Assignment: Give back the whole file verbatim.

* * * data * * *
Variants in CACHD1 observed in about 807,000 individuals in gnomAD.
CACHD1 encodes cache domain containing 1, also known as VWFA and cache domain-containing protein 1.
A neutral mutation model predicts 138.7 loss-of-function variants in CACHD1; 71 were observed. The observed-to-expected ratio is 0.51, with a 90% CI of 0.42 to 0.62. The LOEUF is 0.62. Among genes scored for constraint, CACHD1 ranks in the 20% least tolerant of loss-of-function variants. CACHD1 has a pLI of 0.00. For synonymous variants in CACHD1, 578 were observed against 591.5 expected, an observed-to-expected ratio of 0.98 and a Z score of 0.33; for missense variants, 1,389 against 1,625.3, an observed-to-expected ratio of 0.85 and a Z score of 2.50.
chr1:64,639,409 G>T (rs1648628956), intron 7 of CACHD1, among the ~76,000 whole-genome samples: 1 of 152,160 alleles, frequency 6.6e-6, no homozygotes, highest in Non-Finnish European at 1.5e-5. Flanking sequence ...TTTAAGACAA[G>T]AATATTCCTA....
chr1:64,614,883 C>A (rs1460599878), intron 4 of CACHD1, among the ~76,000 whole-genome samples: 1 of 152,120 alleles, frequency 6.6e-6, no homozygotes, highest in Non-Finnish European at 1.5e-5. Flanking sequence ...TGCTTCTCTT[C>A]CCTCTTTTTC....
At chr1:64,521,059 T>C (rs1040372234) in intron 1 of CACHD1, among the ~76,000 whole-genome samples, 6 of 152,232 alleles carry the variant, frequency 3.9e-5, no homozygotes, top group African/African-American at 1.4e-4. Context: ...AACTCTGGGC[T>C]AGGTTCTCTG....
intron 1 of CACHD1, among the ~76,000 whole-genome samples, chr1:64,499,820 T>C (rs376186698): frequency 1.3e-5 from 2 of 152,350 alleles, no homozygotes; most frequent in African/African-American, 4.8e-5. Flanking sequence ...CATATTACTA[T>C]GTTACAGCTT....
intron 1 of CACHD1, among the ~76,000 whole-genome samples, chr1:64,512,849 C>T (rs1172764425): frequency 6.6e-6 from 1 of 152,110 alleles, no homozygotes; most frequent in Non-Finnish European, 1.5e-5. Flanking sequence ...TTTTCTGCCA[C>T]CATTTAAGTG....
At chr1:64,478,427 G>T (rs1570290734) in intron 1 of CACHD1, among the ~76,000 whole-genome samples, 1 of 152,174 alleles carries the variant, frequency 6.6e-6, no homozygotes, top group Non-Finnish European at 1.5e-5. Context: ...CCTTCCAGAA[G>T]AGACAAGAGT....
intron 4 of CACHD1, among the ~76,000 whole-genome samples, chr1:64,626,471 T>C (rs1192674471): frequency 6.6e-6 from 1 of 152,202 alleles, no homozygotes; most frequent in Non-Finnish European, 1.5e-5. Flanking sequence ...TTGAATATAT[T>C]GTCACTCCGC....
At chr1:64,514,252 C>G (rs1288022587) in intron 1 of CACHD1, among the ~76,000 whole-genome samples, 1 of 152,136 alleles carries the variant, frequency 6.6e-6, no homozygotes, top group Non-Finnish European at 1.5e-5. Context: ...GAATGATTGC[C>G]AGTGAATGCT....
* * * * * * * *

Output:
Variants in CACHD1 observed in about 807,000 individuals in gnomAD.
CACHD1 encodes cache domain containing 1, also known as VWFA and cache domain-containing protein 1.
A neutral mutation model predicts 138.7 loss-of-function variants in CACHD1; 71 were observed. The observed-to-expected ratio is 0.51, with a 90% CI of 0.42 to 0.62. The LOEUF is 0.62. Among genes scored for constraint, CACHD1 ranks in the 20% least tolerant of loss-of-function variants. CACHD1 has a pLI of 0.00. For synonymous variants in CACHD1, 578 were observed against 591.5 expected, an observed-to-expected ratio of 0.98 and a Z score of 0.33; for missense variants, 1,389 against 1,625.3, an observed-to-expected ratio of 0.85 and a Z score of 2.50.
chr1:64,639,409 G>T (rs1648628956), intron 7 of CACHD1, among the ~76,000 whole-genome samples: 1 of 152,160 alleles, frequency 6.6e-6, no homozygotes, highest in Non-Finnish European at 1.5e-5. Flanking sequence ...TTTAAGACAA[G>T]AATATTCCTA....
chr1:64,614,883 C>A (rs1460599878), intron 4 of CACHD1, among the ~76,000 whole-genome samples: 1 of 152,120 alleles, frequency 6.6e-6, no homozygotes, highest in Non-Finnish European at 1.5e-5. Flanking sequence ...TGCTTCTCTT[C>A]CCTCTTTTTC....
At chr1:64,521,059 T>C (rs1040372234) in intron 1 of CACHD1, among the ~76,000 whole-genome samples, 6 of 152,232 alleles carry the variant, frequency 3.9e-5, no homozygotes, top group African/African-American at 1.4e-4. Context: ...AACTCTGGGC[T>C]AGGTTCTCTG....
intron 1 of CACHD1, among the ~76,000 whole-genome samples, chr1:64,499,820 T>C (rs376186698): frequency 1.3e-5 from 2 of 152,350 alleles, no homozygotes; most frequent in African/African-American, 4.8e-5. Flanking sequence ...CATATTACTA[T>C]GTTACAGCTT....
intron 1 of CACHD1, among the ~76,000 whole-genome samples, chr1:64,512,849 C>T (rs1172764425): frequency 6.6e-6 from 1 of 152,110 alleles, no homozygotes; most frequent in Non-Finnish European, 1.5e-5. Flanking sequence ...TTTTCTGCCA[C>T]CATTTAAGTG....
At chr1:64,478,427 G>T (rs1570290734) in intron 1 of CACHD1, among the ~76,000 whole-genome samples, 1 of 152,174 alleles carries the variant, frequency 6.6e-6, no homozygotes, top group Non-Finnish European at 1.5e-5. Context: ...CCTTCCAGAA[G>T]AGACAAGAGT....
intron 4 of CACHD1, among the ~76,000 whole-genome samples, chr1:64,626,471 T>C (rs1192674471): frequency 6.6e-6 from 1 of 152,202 alleles, no homozygotes; most frequent in Non-Finnish European, 1.5e-5. Flanking sequence ...TTGAATATAT[T>C]GTCACTCCGC....
At chr1:64,514,252 C>G (rs1288022587) in intron 1 of CACHD1, among the ~76,000 whole-genome samples, 1 of 152,136 alleles carries the variant, frequency 6.6e-6, no homozygotes, top group Non-Finnish European at 1.5e-5. Context: ...GAATGATTGC[C>G]AGTGAATGCT....